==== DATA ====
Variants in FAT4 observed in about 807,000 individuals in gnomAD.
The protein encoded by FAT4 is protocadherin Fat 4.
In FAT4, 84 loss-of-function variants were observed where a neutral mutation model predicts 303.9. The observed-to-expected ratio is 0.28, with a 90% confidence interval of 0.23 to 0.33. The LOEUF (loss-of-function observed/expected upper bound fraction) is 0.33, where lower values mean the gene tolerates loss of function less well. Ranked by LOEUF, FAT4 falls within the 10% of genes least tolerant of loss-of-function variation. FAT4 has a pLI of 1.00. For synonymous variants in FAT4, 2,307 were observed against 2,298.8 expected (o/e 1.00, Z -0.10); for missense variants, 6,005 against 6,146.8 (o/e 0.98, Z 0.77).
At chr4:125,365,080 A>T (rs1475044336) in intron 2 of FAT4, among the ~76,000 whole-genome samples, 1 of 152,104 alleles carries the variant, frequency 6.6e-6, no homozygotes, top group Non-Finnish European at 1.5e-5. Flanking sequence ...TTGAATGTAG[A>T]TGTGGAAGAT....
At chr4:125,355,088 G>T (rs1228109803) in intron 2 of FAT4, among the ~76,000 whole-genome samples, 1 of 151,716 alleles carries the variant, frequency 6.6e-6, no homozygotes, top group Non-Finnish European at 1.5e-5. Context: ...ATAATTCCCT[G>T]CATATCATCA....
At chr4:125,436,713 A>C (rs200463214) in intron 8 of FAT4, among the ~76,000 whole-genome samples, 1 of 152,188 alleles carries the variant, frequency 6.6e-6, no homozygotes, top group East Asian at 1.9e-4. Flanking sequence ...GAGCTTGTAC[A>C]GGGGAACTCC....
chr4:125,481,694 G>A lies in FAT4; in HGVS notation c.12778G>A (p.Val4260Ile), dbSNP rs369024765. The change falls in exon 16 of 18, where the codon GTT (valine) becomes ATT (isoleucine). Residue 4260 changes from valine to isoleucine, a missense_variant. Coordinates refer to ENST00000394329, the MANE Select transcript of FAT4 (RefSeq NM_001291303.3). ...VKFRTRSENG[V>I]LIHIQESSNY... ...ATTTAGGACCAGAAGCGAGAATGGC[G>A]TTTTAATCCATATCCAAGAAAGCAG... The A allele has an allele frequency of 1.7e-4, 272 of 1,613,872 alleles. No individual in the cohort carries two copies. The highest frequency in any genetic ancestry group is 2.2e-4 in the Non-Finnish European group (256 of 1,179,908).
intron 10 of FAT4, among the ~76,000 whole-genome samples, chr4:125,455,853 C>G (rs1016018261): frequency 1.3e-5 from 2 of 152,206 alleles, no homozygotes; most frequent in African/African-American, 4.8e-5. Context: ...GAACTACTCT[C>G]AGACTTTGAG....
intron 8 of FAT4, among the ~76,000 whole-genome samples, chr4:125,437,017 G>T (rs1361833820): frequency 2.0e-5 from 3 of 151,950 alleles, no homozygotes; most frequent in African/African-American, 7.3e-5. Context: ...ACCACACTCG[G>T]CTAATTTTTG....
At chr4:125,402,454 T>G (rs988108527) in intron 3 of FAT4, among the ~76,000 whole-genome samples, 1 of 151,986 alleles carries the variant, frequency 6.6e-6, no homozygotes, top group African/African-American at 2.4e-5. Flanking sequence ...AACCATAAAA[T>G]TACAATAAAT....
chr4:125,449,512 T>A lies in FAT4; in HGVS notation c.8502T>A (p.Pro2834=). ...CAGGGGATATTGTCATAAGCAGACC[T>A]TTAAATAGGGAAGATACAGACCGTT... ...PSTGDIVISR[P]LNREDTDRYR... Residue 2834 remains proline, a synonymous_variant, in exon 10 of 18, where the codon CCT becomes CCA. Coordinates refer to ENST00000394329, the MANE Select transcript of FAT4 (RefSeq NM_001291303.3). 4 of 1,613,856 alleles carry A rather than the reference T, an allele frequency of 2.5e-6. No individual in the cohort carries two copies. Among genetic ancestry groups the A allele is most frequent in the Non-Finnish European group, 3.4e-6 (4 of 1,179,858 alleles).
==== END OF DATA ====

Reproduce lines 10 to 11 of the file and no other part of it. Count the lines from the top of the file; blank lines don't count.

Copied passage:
At chr4:125,402,454 T>G (rs988108527) in intron 3 of FAT4, among the ~76,000 whole-genome samples, 1 of 151,986 alleles carries the variant, frequency 6.6e-6, no homozygotes, top group African/African-American at 2.4e-5. Flanking sequence ...AACCATAAAA[T>G]TACAATAAAT....
chr4:125,449,512 T>A lies in FAT4; in HGVS notation c.8502T>A (p.Pro2834=). ...CAGGGGATATTGTCATAAGCAGACC[T>A]TTAAATAGGGAAGATACAGACCGTT... ...PSTGDIVISR[P]LNREDTDRYR... Residue 2834 remains proline, a synonymous_variant, in exon 10 of 18, where the codon CCT becomes CCA. Coordinates refer to ENST00000394329, the MANE Select transcript of FAT4 (RefSeq NM_001291303.3). 4 of 1,613,856 alleles carry A rather than the reference T, an allele frequency of 2.5e-6. No individual in the cohort carries two copies. Among genetic ancestry groups the A allele is most frequent in the Non-Finnish European group, 3.4e-6 (4 of 1,179,858 alleles).